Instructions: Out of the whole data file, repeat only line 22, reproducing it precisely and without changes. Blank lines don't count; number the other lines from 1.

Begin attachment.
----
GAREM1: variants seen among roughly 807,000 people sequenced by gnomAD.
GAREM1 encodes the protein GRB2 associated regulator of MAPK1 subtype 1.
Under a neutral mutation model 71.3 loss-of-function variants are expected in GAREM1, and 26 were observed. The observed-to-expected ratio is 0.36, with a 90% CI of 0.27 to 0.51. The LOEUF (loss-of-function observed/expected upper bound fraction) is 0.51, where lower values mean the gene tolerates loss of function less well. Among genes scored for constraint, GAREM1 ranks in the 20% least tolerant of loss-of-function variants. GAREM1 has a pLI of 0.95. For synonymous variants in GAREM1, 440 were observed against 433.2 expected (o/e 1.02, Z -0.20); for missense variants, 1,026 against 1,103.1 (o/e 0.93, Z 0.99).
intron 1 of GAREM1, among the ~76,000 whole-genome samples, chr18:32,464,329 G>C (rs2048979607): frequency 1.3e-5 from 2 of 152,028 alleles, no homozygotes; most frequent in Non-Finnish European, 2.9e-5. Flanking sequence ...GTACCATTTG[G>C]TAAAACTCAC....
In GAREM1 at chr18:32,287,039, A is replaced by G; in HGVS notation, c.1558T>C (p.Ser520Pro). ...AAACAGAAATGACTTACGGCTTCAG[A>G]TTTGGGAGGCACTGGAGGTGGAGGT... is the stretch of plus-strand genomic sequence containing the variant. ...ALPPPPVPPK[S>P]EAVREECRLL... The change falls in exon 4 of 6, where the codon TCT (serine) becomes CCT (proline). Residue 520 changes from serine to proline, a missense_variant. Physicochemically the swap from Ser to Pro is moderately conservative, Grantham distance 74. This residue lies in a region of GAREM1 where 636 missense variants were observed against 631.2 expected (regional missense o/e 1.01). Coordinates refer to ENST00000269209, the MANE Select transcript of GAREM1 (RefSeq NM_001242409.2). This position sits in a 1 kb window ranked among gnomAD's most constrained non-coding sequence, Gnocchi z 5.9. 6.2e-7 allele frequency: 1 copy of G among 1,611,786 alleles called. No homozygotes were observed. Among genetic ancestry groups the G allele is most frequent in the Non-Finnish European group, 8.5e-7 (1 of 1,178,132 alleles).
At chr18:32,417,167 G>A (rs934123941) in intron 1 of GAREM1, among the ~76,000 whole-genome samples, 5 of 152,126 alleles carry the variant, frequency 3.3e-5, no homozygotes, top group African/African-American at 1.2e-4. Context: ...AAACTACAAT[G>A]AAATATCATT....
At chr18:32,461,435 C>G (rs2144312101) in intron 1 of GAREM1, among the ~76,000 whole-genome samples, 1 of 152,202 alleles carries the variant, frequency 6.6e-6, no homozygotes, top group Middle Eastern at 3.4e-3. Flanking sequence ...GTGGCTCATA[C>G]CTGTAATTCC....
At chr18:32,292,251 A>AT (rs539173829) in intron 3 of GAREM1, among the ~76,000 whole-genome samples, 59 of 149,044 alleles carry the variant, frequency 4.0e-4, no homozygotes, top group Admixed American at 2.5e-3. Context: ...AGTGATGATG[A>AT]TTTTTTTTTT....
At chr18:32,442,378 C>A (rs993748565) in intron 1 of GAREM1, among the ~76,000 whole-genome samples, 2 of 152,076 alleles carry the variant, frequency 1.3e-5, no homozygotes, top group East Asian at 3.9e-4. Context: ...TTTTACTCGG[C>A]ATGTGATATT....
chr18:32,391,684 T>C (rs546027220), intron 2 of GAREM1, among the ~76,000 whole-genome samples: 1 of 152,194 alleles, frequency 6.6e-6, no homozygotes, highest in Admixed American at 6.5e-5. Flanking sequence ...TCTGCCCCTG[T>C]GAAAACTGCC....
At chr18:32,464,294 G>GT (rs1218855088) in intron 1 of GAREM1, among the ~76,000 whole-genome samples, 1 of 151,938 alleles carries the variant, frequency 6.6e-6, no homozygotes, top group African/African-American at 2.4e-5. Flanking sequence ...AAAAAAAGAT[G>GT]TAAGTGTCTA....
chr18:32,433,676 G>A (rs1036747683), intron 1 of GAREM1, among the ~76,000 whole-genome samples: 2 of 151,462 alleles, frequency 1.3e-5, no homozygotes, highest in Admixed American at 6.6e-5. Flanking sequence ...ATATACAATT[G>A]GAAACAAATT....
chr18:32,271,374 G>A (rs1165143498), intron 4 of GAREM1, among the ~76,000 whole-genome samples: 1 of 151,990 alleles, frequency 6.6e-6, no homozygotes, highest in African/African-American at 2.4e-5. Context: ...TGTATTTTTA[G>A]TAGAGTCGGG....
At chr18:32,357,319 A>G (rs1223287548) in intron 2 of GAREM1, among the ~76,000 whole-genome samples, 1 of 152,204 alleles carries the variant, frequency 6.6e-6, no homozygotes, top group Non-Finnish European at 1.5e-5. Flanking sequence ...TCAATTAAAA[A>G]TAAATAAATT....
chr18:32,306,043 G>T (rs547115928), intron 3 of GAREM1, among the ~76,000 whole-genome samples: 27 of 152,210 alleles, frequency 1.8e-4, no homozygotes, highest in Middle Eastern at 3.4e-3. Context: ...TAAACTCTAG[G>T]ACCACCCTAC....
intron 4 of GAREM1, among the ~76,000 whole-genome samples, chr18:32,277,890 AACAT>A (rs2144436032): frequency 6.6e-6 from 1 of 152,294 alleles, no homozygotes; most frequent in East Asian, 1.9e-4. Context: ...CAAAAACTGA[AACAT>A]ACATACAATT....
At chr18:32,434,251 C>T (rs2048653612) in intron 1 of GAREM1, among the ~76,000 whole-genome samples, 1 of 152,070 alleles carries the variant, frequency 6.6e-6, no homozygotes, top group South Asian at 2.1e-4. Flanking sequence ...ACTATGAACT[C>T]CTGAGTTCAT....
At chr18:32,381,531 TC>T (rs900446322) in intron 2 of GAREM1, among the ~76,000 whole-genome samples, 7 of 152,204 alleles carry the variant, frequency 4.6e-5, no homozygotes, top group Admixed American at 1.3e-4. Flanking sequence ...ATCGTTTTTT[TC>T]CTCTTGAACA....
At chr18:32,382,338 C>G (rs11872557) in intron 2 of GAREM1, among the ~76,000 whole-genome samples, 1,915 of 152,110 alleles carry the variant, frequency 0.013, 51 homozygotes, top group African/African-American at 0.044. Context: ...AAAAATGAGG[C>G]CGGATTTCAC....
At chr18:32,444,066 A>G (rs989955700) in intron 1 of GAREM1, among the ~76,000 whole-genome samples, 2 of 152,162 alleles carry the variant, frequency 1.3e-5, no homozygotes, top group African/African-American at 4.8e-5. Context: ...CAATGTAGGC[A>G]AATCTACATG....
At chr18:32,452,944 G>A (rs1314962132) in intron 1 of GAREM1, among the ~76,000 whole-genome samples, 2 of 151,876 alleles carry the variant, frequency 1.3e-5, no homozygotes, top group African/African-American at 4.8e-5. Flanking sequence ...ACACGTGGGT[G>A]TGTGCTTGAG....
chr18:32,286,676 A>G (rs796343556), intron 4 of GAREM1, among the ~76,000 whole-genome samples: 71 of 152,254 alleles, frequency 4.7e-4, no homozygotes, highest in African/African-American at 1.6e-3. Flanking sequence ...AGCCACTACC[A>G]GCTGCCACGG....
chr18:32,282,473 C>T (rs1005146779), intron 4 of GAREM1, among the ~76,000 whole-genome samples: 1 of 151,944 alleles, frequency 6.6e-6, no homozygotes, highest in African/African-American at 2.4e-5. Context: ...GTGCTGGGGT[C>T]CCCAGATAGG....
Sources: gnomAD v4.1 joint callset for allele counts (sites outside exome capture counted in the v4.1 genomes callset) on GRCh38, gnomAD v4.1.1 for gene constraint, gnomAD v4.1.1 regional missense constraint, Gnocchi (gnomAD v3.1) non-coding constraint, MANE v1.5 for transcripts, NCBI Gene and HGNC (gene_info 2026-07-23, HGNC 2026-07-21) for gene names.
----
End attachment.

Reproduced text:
chr18:32,286,676 A>G (rs796343556), intron 4 of GAREM1, among the ~76,000 whole-genome samples: 71 of 152,254 alleles, frequency 4.7e-4, no homozygotes, highest in African/African-American at 1.6e-3. Flanking sequence ...AGCCACTACC[A>G]GCTGCCACGG....